VietNamNet Bridge – Vietnam now has 10,543 professors and associate professors, publishes 1,000 scientific articles a year.




According to Associate Professor Pham Bich San, Deputy Secretary General of the Vietnam Union of Science and Technology Associations (VUSTA), Vietnam has the highest number of professors, associate professors and PhDs in South East Asia, but its number of internationally published scientific articles is just equal to a university in Thailand.

In 2012, Vietnamese scientists published 1,630 scientific articles on international journals, equal to 30 percent of Thailand, 22 percent of Malaysia and 17 percent of Singapore. The figure shows the modest scientific productivity of Vietnamese scientists, if noting that there had been 9,500 professors and associate professors and 24,000 PhDs by that time.

San believes that Vietnam has few internationally published scientific articles because the current policies don’t require scientists to prove their productivity with concrete research works.

Professor Pham Duy Hien, former Deputy Head of the National Atomic Energy Institute, pointed out a lot of problems with the articles, including the low quality, the lack of the articles in the fields relating to the national welfare and people’s livelihood. In the majority of the articles, Vietnamese authors did not play the key role.

Professor Vu Minh Giang, former President of the Hanoi National University, noted that a lot of scientific research works have been put on the shelves after they were made public, while they don’t have any significance in reality.

This is explained by the fact that scientists just made the research works because they felt the topics were important, not because they thought the works would be applied in reality.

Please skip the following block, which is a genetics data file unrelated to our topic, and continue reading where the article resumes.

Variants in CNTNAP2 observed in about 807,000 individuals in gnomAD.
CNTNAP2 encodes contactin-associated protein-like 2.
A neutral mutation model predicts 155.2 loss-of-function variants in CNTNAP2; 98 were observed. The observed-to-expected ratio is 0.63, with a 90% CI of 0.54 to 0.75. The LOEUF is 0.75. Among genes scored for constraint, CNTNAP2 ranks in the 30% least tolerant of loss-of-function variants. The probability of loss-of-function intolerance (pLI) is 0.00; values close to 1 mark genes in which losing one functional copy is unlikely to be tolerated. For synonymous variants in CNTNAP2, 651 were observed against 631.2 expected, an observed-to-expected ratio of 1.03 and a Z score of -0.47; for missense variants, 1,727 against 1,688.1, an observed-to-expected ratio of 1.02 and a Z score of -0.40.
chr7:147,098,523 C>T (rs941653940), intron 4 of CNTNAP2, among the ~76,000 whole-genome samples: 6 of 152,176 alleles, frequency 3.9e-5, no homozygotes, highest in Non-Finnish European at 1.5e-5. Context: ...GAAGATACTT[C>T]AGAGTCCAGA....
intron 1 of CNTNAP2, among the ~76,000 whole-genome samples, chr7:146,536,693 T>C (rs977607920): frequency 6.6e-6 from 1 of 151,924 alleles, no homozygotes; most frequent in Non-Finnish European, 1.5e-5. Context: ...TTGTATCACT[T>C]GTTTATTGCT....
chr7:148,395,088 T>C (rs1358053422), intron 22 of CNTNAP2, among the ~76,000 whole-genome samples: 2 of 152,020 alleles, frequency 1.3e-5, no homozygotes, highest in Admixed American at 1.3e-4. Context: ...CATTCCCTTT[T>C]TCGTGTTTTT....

Also according to Giang, the working conditions are not good enough for Vietnamese scientists to have international scientific articles regularly. Singapore University has many international scientific articles because its working conditions are 200 times better than the Hanoi National University.

Giang believes that it is the complicated financial mechanism which discourages scientists to make research. “The state budget managers always fear that scientists waste the state’s money. They don’t care about the scientific research products, but about whether the scientists spend money as they tell them to do,” Giang noted.

“Therefore, it is more difficult for scientists to collect all the financial invoices to prove the expenditure than fulfilling the scientific research duties,” Giang added.

Dr. Tran Van Do, a researcher of the Vietnam Forestry Science Institute, who now works for a Japanese science institute, believes that the biggest problem that hinders the development of Vietnam’s science is the “Ask-and-grant” mechanism. Vietnamese scientists have to “go through many doors”, ask for a lot of permissions from different state management agencies to get budgets allocated.

Do said the unreasonable finance mechanism explains why a lot of Vietnamese scientists only had articles published on international journals when they lived in foreign countries, but have not had any articles since the day they returned to Vietnam.

A report released in 2011 showed that Vietnam ranked the 67th out of 238 countries in terms of the number of books and publications every year. “The science environment in developed countries is far different from Vietnam, which explains why scientists cannot work effectively,” Do said.